Triggered by the realization that over 12 months have passed since we took delivery of our new Murvi it is perhaps time to review our experiences to date.
Previously I have written about the reasons for changing our Murvi and the decisions made with regard to the specifications for the replacement vehicle. Now it seems enough time has passed to be in a position to critically assess whether the change was successful. It has been my experience that it takes a year to complete a full shakedown and once again this has been the case.
The base vehicle
The ‘van itself has been subject to three recalls by Fiat. Soon after taking ownership in February 2017 we received notification that a software update was required to adjust the Emissions Management, in October I learnt of a recall to check the EGR pipework and finally earlier this year I learnt that a clip needed replacing on the EGR pipework. Sadly the October recall caused an extremely frought two weeks of uncertainty over just when we would be able to use the ‘van again. The initial visit led to the ‘van being declared unroadworthy and a shortage of the necessary parts to return the vehicle to a roadworthy condition. Somehow our local Fiat Professional found the parts and after two weeks we were able to collect our ‘van. Luckily the final recall required just 20 mins of work to rectify.
In addition to the recall work the ‘van has had to have two items of warranty work completed. A relatively minor replacement of a marker light as the original was not watertight and a rather more involved replacement of an intermittantly functioning oil level sensor.
Fundamentally the conversion remains as well executed as ever. However the additional utility provided by the XL’s extra 36cm over our previous ‘van is very well appreciated. The extra kitchen cupboard/locker give room to easily store items without the need to cram everything in and the convenience of having items such as the EHU cable and water containers accessible outside the ‘ van makes life much easier.
The LiFePO4 (LFP) battery system has provided us with sufficient power for all our needs without any compromise. The system has been slightly modified and tweeked during the course of the year to improve efficiency and avoid overcharging in cold weather. The most significant change has been the addition of a colour screen to display a system overview on a single screen (link to full details of this project).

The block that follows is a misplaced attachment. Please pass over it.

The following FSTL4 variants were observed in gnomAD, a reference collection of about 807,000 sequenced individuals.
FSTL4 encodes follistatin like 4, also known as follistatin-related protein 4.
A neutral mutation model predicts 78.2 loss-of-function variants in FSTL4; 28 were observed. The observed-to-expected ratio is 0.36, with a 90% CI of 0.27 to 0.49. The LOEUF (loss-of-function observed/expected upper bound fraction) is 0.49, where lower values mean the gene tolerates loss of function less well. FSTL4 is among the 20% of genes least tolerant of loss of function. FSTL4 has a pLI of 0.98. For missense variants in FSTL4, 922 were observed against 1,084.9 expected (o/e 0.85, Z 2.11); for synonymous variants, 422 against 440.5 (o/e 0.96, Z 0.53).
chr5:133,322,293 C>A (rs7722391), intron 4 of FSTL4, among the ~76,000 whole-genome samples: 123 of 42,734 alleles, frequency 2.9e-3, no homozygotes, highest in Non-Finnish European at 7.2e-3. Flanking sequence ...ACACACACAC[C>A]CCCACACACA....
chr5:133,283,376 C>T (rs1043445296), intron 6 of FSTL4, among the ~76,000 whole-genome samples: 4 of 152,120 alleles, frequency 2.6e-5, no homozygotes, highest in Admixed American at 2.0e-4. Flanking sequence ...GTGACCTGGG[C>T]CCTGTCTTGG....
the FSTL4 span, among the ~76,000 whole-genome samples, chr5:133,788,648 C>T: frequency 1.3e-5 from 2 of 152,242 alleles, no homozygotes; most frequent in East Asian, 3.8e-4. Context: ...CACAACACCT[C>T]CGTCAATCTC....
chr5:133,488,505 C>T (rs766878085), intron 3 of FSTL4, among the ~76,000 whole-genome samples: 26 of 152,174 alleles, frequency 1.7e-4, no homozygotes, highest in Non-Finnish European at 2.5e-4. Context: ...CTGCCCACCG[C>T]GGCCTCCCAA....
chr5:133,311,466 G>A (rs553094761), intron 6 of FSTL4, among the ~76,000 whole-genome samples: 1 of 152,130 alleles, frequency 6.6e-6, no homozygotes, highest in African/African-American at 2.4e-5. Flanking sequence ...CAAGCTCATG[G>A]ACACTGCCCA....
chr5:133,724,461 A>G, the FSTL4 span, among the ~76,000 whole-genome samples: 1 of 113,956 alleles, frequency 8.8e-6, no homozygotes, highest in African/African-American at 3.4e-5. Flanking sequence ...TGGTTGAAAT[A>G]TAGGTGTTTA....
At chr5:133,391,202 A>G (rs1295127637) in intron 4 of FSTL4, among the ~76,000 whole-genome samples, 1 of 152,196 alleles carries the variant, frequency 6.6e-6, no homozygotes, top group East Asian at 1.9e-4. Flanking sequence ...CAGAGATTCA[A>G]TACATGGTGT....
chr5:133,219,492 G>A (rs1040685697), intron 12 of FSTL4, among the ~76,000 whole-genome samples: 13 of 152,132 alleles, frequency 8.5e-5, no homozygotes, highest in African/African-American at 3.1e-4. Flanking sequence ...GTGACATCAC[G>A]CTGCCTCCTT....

The addition of a Smart Energy Control unit to the Webasto compressor fridge has been perhaps the least successful of all the customisations that we specified.
The purpose of the unit is to reduce energy consumption and as the fridge is our largest power consumer it seemed a sensible option to fit. It works by closely monitoring the temperature in the main fridge compartment and using surplus power to store cold energy in the fridge contents. Initially the unit was unable to accurately identify when surplus power was available in our LFP battery system but this was addressed by adjusting the system voltages sensed by the SEC unit. However a consequence of the very precise monitoring of the main compartment temperature is that the contents of the freezer compartment can thaw when minimal compressor running is required.
Now that we are aware of this we can with careful setting of the fridge temperature control extend the time we can store frozen items but ultimately the freezer compartment can not be used beyond a few days. In restrospect I suppose I should have realised that this was a compromise that would have to be made to achieve the power savings on offer.